State Comptroller Thomas DiNapoli thinks his office should create an early warning system to identify municipalities and school districts under budgetary strain before a financial crisis occurs. And he's right.
Peter Baynes, executive director of the New York Conference of Mayors, believes the state needs to do more to identify solutions and take "the steps necessary to alleviate the financial pressures confronting cities and villages." He's right too.
But Mr. Baynes goes too far in suggesting New York does not need a system to "measure a fiscal problem of which local officials are already well aware." Mr. DiNapoli's plan is not a cure-all, but it is a prudent step on behalf of taxpayers.
Unveiled last week, the monitoring system would analyze data already submitted by more than 4,000 local governments to calculate and publicize fiscal stress scores for municipalities and school districts statewide.
Mr. DiNapoli will use nine financial indicators-metrics such as cash on hand, patterns of operating deficits and short-term debt-along with information like population trends, poverty rates and tax assessment growth.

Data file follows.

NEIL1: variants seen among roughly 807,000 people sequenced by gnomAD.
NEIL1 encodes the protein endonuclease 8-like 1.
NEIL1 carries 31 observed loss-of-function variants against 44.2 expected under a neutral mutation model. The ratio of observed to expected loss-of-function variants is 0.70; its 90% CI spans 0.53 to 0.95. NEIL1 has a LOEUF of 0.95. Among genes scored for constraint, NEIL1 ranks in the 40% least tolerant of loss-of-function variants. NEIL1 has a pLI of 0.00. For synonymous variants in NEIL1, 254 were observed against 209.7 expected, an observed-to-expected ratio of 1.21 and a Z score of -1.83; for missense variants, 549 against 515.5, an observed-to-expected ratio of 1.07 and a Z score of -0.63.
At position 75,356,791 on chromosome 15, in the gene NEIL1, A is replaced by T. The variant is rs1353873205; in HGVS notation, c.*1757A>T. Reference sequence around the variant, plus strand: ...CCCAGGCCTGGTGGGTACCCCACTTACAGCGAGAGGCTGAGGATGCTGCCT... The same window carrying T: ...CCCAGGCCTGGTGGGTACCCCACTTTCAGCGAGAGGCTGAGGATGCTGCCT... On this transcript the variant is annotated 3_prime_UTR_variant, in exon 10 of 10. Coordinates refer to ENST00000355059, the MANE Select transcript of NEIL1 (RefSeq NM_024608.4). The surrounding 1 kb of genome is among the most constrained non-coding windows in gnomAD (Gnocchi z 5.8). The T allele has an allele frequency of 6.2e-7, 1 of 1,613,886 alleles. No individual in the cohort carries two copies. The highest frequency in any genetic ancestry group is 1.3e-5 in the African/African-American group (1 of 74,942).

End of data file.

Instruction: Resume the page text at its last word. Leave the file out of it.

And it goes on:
The comptroller plans to show the proposed system to officials throughout the state for their review and to implement it starting with localities whose fiscal year ends Dec. 31, 2012.
In Mr. Baynes' view, the DiNapoli proposal "fails to acknowledge that many of the key factors causing fiscal stress for local governments-such as state mandates, rising pension costs and declining state aid-are beyond the control of local officials."
In fact, a new economic and fiscal analysis prepared by the comptroller's office does note the pressure caused by rising pension expenses. But it also notes that while federal aid to New York's cities from 1980 to 2010 declined from 17.5 percent of total revenues to 6.8 percent, state aid increased from 16 percent to 21 percent.
Still, there's no denying that Mr. Baynes is correct to say "the state has been a partner in creating the fiscal stress crashing down on municipalities (and must) be a part of the solution."
A problem created over decades will not be fixed overnight. So in the near term, Mr. DiNapoli's early warning system looks like a wise move.
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